IEAG was encouraged to note that in her report to the Cabinet Wellbeing Committee the Minister of Disability Issues, Hon Priyanca Radhakrishnan, acknowledged that aspects of the government response are likely to be strongly contested by disability rights advocates and will continue to receive adverse comment from the IMM. Paragraph 41.2 notes:
“The UN Committee has provided recent guidelines on deinstitutionalisation. They clearly indicate that schooling settings like residential specialist schools are seen as institutional given that they are only available to children based on impairing factors like behaviour. The Guidelines also indicate that institutional settings cannot be seen as an authentic choice for students and their families. The Ministry of Education has noted recommendations related to Residential Specialist Schools subject to further consideration of New Zealand based research and evidence and decisions by the Minister of EducationUnlike other noting recommendations, there is a possibility that these could be changed after the Minister’s consideration.” (Emphasis added)
New Zealand based research and evidence includes an International Literature Review on Residential Specialist Schools for Learning and Behaviour prepared for the Ministry of Education by Auckland University completed in April 2023.This was the first phase of a larger evaluation. In November 2023,the Minister of Education, Hon Jan Tinetti was reported as saying that, “she was waiting on a report from Auckland University on the schools before making any final decisions.” The second phase of this evaluation included looking “at how well ākonga who have entered residential schools through the direct referral pathway succeed educationally.” In July IEAG wrote to the Minister of Education, Hon Jan Tinetti, requesting a copy of the second phase of the Auckland University report under the Official Education Act 1982. Our request was transferred to the Ministry of Education who refused our request for a copy of the report. In her 17 August 2023 response the Minister advised that “The Ministry is providing advice to me, based on the University of Auckland’s evaluation of RSS and recommendations made by the United Nations Committee on the Rights of Persons with Disabilities. I will announce any decisions about changes to RSS in due course.”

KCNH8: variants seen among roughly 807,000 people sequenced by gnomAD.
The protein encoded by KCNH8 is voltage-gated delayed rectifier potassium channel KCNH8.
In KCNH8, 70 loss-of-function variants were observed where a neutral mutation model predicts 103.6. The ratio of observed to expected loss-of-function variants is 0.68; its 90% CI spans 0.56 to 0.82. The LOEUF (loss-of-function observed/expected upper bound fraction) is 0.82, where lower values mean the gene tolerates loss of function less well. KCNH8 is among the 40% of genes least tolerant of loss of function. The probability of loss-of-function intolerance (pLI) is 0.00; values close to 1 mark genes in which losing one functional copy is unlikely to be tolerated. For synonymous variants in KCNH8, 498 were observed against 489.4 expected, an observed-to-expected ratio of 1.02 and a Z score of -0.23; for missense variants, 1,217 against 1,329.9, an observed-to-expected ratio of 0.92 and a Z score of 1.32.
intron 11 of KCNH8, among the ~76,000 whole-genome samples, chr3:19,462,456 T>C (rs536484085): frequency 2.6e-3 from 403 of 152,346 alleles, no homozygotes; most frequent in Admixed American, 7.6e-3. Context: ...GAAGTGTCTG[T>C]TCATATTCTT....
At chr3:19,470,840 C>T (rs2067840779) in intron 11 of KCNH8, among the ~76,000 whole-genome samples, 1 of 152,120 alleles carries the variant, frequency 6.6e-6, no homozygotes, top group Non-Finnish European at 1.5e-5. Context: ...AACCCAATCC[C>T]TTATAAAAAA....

New Zealand’s human rights record – 4th Universal Periodic Review 2024 

Every five years, Aotearoa New Zealand’s human rights record is reviewed by the United Nations’ Human Rights Council, through a process called the Universal Periodic Review (UPR). New Zealand’s next UPR is taking place between 29 April – 10 May 2024. The UN will review progress on key agreements, including the United Nations Declaration on the Rights of Indigenous Peoples and the Convention on the Rights of People with Disabilities. The UPR is a State-driven process, which provides the opportunity for each State to declare what actions they have taken to improve the human rights situations in their countries and to fulfil their human rights obligations.
IEAG provided a written submission in May 2023 to the Ministry of Foreign Affairs and Trade asking that the issue of disabled children and young people’s right to an inclusive education under Article 24 of the CRPD be included in New Zealand’s draft national report being prepared for public consultation.  
Aotearoa New Zealand’s Universal Periodic Review 2024 Draft National Report, available for public consultation in July 2023, claims New Zealand’s education system continues to evolve to better reflect, welcome and respond to the diversity and needs of all learners participating in education. Read the full draft report here.
Te Kāhui Tika Tangata Human Rights Commission is encouraging civil society groups to make a submission for the UPR. It is vital that the UPR is informed by the experiences and knowledge of communities and experts in Aotearoa. IEAG will be making a submission. Civil society groups are able to make a submission for the UPR. The deadline for civil society submissions is 11 October 2023. Further information, including how to make a submission, can be found here.